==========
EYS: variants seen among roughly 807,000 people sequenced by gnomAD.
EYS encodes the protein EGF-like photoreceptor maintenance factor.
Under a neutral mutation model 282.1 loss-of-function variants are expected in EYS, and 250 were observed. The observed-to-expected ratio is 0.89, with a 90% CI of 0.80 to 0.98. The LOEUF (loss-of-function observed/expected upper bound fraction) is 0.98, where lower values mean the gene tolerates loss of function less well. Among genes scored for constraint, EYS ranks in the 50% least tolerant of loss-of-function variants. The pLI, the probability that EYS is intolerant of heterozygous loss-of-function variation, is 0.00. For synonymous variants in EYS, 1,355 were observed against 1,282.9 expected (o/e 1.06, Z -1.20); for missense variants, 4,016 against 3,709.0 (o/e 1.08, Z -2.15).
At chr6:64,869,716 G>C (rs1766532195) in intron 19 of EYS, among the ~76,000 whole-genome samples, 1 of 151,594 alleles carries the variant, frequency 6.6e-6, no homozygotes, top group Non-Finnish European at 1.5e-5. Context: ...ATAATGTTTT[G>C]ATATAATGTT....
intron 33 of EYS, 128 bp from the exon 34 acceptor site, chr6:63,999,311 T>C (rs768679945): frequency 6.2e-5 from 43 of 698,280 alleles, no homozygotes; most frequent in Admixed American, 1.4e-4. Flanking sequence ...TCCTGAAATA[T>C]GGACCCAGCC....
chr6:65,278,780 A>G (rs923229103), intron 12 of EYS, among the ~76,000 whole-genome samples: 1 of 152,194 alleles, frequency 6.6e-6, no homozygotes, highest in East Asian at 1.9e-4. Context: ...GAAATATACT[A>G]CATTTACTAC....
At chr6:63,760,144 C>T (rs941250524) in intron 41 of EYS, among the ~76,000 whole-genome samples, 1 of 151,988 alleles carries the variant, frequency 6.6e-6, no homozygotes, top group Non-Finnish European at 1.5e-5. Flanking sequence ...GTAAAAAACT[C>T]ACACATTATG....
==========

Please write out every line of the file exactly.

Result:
EYS: variants seen among roughly 807,000 people sequenced by gnomAD.
EYS encodes the protein EGF-like photoreceptor maintenance factor.
Under a neutral mutation model 282.1 loss-of-function variants are expected in EYS, and 250 were observed. The observed-to-expected ratio is 0.89, with a 90% CI of 0.80 to 0.98. The LOEUF (loss-of-function observed/expected upper bound fraction) is 0.98, where lower values mean the gene tolerates loss of function less well. Among genes scored for constraint, EYS ranks in the 50% least tolerant of loss-of-function variants. The pLI, the probability that EYS is intolerant of heterozygous loss-of-function variation, is 0.00. For synonymous variants in EYS, 1,355 were observed against 1,282.9 expected (o/e 1.06, Z -1.20); for missense variants, 4,016 against 3,709.0 (o/e 1.08, Z -2.15).
At chr6:64,869,716 G>C (rs1766532195) in intron 19 of EYS, among the ~76,000 whole-genome samples, 1 of 151,594 alleles carries the variant, frequency 6.6e-6, no homozygotes, top group Non-Finnish European at 1.5e-5. Context: ...ATAATGTTTT[G>C]ATATAATGTT....
intron 33 of EYS, 128 bp from the exon 34 acceptor site, chr6:63,999,311 T>C (rs768679945): frequency 6.2e-5 from 43 of 698,280 alleles, no homozygotes; most frequent in Admixed American, 1.4e-4. Flanking sequence ...TCCTGAAATA[T>C]GGACCCAGCC....
chr6:65,278,780 A>G (rs923229103), intron 12 of EYS, among the ~76,000 whole-genome samples: 1 of 152,194 alleles, frequency 6.6e-6, no homozygotes, highest in East Asian at 1.9e-4. Context: ...GAAATATACT[A>G]CATTTACTAC....
At chr6:63,760,144 C>T (rs941250524) in intron 41 of EYS, among the ~76,000 whole-genome samples, 1 of 151,988 alleles carries the variant, frequency 6.6e-6, no homozygotes, top group Non-Finnish European at 1.5e-5. Flanking sequence ...GTAAAAAACT[C>T]ACACATTATG....